How Can Blockchain and Real Estate Help Each Other?

2 Mins read

Rob Nelson – the anchor of Roundtable – recently hosted a discussion with Julio Caceres, the CEO of BRiX Fractional Real Estate, to figure out how real estate can be aided by the growth of blockchain.

Real Estate and Blockchain: Future Companions?

In the discussion, Caceres discussed what he finds most difficult in trying to implement blockchain into his business and into real estate in general, and what kind of regulatory issues he’s had to deal with.

The idea of putting real estate on the blockchain is nothing new. It’s a discussion that’s been had for many years, and there are several analysts out there who believe blockchain can potentially make the real estate game much easier to play.

For example, they think blockchain can make things more transparent. A house is placed into a network’s ledger and thus, all owners – past and present – can see right then and there when the house was built, who’s lived there, and if it’s had any serious problems.

Also, things could potentially get simpler when trying to purchase real estate, especially in times like what we’re seeing now, where interest rates are abnormally high, and many people have been cut out of home ownership and the American dream altogether.

Nelson opened the discussion by commenting on the SEC’s present approach to crypto and blockchain regulation. He said this will undoubtedly make things hard for all real estate agents looking to incorporate digital finance into their business. He said:

It’s really hard right now because the SEC won’t even answer Coinbase’s request for regulatory guidance.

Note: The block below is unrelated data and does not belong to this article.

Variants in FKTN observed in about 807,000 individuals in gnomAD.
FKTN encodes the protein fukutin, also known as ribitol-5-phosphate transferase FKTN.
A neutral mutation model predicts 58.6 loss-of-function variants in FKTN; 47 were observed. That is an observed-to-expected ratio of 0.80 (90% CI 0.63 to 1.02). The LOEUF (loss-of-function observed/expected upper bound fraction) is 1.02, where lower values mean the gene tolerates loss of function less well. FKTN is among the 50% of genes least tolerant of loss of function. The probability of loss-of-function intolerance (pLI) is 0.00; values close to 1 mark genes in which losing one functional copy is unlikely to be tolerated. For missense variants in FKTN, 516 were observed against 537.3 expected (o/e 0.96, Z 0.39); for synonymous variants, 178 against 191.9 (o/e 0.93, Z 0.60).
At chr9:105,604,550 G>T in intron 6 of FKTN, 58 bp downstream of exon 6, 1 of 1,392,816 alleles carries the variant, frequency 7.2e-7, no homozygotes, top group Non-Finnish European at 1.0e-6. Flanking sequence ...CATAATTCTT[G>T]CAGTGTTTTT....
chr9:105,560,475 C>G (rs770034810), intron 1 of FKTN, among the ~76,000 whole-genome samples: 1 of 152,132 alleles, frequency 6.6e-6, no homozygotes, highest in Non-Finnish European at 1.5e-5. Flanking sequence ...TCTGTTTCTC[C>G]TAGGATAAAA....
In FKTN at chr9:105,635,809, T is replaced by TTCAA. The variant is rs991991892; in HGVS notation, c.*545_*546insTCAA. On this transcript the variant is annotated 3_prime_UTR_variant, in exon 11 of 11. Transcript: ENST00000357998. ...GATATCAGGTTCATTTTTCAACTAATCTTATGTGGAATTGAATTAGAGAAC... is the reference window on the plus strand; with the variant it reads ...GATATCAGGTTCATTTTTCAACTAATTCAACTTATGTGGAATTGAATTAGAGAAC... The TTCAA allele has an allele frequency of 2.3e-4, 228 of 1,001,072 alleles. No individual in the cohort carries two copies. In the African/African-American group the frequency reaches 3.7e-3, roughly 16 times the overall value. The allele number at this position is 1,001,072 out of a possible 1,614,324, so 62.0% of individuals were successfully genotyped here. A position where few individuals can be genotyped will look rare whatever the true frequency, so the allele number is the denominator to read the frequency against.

Caceres agreed, though he doesn’t think his business will have much trouble down the line. He said:

We’re not worried because we followed all the guidelines, and then we also have SEC lawyers and corporate lawyers that are backing us.

Nelson retorted that Coinbase had the same items in place regarding regulation before the SEC came after it. Caceres then said:

Right now, our saturation rate is about two percent… As soon as it reaches five percent saturation, which is in the next two to three years, everybody’s going to know about us.

He also hinted that his business is looking into an NFT launch to ensure all future real estate is recorded on a digital ledger and can be sold and offered through the most democratic means. He mentioned:

That’s exactly what we’re doing in our blockchain. Everything gets documented and recorded. Even if you came [in] seven years later, you could see all the way back from when it was purchased seven years ago.

People Need to Open Up!

At the end of the day, Caceres said the biggest problem stems from people’s fear of new technologies. He said:

People are… just like when Uber came out… There was skepticism.

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